Jurist reported May 28: “The U.S. Supreme Court ruled 5-4 Tuesday in Trevino v. Thaler that last term’s decision in Martinez v. Ryan on ineffective assistance of counsel claims should apply in this case. In Martinez an Arizona procedural rule required a defendant convicted at trial to raise a claim of ineffective assistance of counsel during his first state collateral review proceeding or lose the claim. Luis Mariano Martinez did not comply with the state procedural rule, but he argued that the federal habeas court should permit his claim because he lacked effective counsel both during trial and during his first state collateral review proceeding. The court ruled 7-2 that lack of counsel on collateral review might excuse defendant’s state law procedural default. In this case Texas law appears to permit but not require that a defendant raise the ineffective assistance of counsel claim on direct appeal, but the Texas system makes it “virtually impossible” to do so. Writing for the majority, Justice Stephen Breyer held that Martinez applies, vacating the judgment of the U.S. Court of Appeals for the 5th Circuit and remanding for further proceedings.

“Chief Justice John Roberts filed a dissenting opinion joined by Justice Samuel Alito. Roberts argued that Martinez should be limited and should not extend to these circumstance. Justice Antonio Scalia also filed a dissenting opinion joined by Justice Clarence Thomas. Scalia dissented for the same reasons set forth in his dissent from Martinez.”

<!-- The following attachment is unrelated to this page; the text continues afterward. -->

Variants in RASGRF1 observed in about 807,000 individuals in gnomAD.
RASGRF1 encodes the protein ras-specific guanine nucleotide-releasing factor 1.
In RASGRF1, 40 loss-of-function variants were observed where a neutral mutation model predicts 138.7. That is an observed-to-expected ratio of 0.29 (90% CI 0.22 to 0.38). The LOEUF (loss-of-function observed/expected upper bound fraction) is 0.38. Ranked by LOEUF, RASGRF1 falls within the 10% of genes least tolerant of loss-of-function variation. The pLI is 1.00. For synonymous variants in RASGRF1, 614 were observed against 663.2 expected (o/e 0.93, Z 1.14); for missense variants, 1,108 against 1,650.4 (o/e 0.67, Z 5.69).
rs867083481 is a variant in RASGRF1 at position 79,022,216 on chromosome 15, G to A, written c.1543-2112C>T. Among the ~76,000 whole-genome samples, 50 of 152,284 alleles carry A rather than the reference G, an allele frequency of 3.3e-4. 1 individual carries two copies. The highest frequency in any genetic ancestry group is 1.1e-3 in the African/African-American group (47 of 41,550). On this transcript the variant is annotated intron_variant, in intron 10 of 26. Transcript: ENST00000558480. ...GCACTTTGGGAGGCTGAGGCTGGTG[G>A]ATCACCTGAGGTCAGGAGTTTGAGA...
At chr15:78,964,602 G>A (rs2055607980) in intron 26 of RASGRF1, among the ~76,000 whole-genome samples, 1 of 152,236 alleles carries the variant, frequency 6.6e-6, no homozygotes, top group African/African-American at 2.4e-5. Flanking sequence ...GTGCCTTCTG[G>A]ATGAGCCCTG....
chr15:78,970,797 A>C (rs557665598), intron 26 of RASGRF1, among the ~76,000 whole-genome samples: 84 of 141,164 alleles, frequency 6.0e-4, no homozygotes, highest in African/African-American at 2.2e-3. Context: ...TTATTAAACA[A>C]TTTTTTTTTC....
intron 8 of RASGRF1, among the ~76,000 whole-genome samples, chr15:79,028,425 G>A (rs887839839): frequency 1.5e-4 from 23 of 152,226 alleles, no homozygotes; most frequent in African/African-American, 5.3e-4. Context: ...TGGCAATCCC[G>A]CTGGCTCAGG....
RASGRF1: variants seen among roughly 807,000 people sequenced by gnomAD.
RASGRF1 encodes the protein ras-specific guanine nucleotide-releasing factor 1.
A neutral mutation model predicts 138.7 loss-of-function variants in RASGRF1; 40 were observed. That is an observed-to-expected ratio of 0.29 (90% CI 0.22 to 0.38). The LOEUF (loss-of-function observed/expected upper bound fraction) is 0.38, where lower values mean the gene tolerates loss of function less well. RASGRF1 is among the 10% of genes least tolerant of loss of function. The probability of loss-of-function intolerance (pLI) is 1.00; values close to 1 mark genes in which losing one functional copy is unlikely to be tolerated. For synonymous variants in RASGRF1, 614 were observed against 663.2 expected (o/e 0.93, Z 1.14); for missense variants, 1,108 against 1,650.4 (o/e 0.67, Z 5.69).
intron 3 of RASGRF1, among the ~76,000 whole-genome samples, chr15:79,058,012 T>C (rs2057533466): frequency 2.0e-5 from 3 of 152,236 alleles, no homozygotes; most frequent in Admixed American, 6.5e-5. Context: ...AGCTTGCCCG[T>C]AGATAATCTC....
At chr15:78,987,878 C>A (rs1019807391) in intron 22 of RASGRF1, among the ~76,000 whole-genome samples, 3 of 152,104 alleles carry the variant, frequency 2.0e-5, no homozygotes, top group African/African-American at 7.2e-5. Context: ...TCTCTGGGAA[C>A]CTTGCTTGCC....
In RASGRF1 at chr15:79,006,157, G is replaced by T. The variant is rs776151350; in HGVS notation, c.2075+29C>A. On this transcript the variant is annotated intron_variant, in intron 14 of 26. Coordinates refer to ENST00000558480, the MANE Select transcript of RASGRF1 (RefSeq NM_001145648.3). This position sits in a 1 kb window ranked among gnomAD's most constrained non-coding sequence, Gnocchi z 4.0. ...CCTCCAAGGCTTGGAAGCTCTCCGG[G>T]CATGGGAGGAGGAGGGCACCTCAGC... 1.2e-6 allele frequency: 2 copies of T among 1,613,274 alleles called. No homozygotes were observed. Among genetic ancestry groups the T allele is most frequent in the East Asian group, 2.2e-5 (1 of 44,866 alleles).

How you can help

  1. We are requesting donations to pay for an investigator and attorney to represent Kerry Baxter. The link to the account is https://www.wepay.com/donations/335568082.
  2. Please sign and pass along this petition: http://www.causes.com/actions/1751043-wrongful-conviction-of-kerry-baxter-senior?ctm=home
  3. Write to Kerry Baxter, V-17238, CSP LAC, P.O. Box 4670, D5-111, P.O. Box 4670, Lancaster CA 93539.

Anita Wills is the author of three books, “Notes and Documents of Free Persons of Color,” “Pieces of the Quilt: The Mosaic of an African American Family” and “Black Minqua, the Life and Times of Henry Green,” all available on Amazon.com, and an activist who works with Occupy4Prisoners, Peoples Community Medics and the Peoples Database Autonomia. She can be reached at ntawls@gmail.com.

 

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3 thoughts on “Flawed justice: the wrongful conviction of Kerry Baxter Sr.

  1. Alexis Chita

    11/6/2013 8:03pm~~Help Action Alert >>>Mic Check:~~Via~~ Anita Wills~~I am asking everyone to call the Warden, at California State Los Angeles County in Lancaster CA, about my son, Kerry Baxter Senior, Prisoner # V-17238, who is an inmate there. The Warden is J. Soto, and his number is, (661) 729-2000, My son just called me and said the guards are harassing him. They told him he has to move out of his cell and if he does not they will put him in the hole. He does not want to move because he gets along with the older guy he shares a cell with. The only available cells are those with inmates who are mentally disturbed and violent. He told me if they put him in the hole he will lose his job and still have to change cells. I believe they are setting my son up to be killed. They want him to change cells Immediately! This is so frustrating!

    Reply